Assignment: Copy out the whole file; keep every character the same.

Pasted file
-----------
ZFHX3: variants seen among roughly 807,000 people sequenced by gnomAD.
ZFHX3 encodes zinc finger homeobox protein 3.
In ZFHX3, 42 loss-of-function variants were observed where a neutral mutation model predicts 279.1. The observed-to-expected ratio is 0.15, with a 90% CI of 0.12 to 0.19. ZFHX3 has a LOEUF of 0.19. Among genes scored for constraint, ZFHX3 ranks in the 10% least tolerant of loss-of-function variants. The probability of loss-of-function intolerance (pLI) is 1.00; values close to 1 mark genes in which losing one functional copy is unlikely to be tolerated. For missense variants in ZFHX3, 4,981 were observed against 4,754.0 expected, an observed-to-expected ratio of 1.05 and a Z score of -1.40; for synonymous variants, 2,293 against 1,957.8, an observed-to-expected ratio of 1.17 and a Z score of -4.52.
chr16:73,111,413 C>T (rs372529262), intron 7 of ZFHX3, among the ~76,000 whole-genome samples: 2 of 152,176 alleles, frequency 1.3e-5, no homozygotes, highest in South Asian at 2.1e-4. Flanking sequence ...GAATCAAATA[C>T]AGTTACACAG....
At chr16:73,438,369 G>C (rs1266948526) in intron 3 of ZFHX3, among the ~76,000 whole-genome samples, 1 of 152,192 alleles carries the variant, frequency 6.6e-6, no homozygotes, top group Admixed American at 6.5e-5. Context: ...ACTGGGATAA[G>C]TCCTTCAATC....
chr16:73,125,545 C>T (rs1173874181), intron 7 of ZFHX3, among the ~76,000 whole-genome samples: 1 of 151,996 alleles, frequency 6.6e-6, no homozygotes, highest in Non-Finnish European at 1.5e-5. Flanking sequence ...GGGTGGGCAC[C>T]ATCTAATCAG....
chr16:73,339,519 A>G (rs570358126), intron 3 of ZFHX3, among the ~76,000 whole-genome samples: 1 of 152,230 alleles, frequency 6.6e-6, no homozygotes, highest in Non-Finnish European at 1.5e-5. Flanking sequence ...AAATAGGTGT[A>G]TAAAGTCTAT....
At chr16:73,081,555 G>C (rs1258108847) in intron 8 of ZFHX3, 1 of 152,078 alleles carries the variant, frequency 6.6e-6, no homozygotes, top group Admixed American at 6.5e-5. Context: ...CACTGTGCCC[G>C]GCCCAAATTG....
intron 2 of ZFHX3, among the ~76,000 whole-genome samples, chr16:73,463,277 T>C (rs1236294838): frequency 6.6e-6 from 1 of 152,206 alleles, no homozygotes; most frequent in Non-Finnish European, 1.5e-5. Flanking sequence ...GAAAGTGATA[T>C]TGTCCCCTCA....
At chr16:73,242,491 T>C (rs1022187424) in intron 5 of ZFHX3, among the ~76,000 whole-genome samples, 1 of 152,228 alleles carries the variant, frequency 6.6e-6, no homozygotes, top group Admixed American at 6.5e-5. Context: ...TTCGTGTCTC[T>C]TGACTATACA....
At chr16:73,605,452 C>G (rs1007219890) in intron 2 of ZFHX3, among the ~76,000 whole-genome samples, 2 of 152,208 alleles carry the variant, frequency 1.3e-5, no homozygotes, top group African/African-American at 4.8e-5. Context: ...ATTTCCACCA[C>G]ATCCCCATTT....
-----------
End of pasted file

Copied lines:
ZFHX3: variants seen among roughly 807,000 people sequenced by gnomAD.
ZFHX3 encodes zinc finger homeobox protein 3.
In ZFHX3, 42 loss-of-function variants were observed where a neutral mutation model predicts 279.1. The observed-to-expected ratio is 0.15, with a 90% CI of 0.12 to 0.19. ZFHX3 has a LOEUF of 0.19. Among genes scored for constraint, ZFHX3 ranks in the 10% least tolerant of loss-of-function variants. The probability of loss-of-function intolerance (pLI) is 1.00; values close to 1 mark genes in which losing one functional copy is unlikely to be tolerated. For missense variants in ZFHX3, 4,981 were observed against 4,754.0 expected, an observed-to-expected ratio of 1.05 and a Z score of -1.40; for synonymous variants, 2,293 against 1,957.8, an observed-to-expected ratio of 1.17 and a Z score of -4.52.
chr16:73,111,413 C>T (rs372529262), intron 7 of ZFHX3, among the ~76,000 whole-genome samples: 2 of 152,176 alleles, frequency 1.3e-5, no homozygotes, highest in South Asian at 2.1e-4. Flanking sequence ...GAATCAAATA[C>T]AGTTACACAG....
At chr16:73,438,369 G>C (rs1266948526) in intron 3 of ZFHX3, among the ~76,000 whole-genome samples, 1 of 152,192 alleles carries the variant, frequency 6.6e-6, no homozygotes, top group Admixed American at 6.5e-5. Context: ...ACTGGGATAA[G>C]TCCTTCAATC....
chr16:73,125,545 C>T (rs1173874181), intron 7 of ZFHX3, among the ~76,000 whole-genome samples: 1 of 151,996 alleles, frequency 6.6e-6, no homozygotes, highest in Non-Finnish European at 1.5e-5. Flanking sequence ...GGGTGGGCAC[C>T]ATCTAATCAG....
chr16:73,339,519 A>G (rs570358126), intron 3 of ZFHX3, among the ~76,000 whole-genome samples: 1 of 152,230 alleles, frequency 6.6e-6, no homozygotes, highest in Non-Finnish European at 1.5e-5. Flanking sequence ...AAATAGGTGT[A>G]TAAAGTCTAT....
At chr16:73,081,555 G>C (rs1258108847) in intron 8 of ZFHX3, 1 of 152,078 alleles carries the variant, frequency 6.6e-6, no homozygotes, top group Admixed American at 6.5e-5. Context: ...CACTGTGCCC[G>C]GCCCAAATTG....
intron 2 of ZFHX3, among the ~76,000 whole-genome samples, chr16:73,463,277 T>C (rs1236294838): frequency 6.6e-6 from 1 of 152,206 alleles, no homozygotes; most frequent in Non-Finnish European, 1.5e-5. Flanking sequence ...GAAAGTGATA[T>C]TGTCCCCTCA....
At chr16:73,242,491 T>C (rs1022187424) in intron 5 of ZFHX3, among the ~76,000 whole-genome samples, 1 of 152,228 alleles carries the variant, frequency 6.6e-6, no homozygotes, top group Admixed American at 6.5e-5. Context: ...TTCGTGTCTC[T>C]TGACTATACA....
At chr16:73,605,452 C>G (rs1007219890) in intron 2 of ZFHX3, among the ~76,000 whole-genome samples, 2 of 152,208 alleles carry the variant, frequency 1.3e-5, no homozygotes, top group African/African-American at 4.8e-5. Context: ...ATTTCCACCA[C>G]ATCCCCATTT....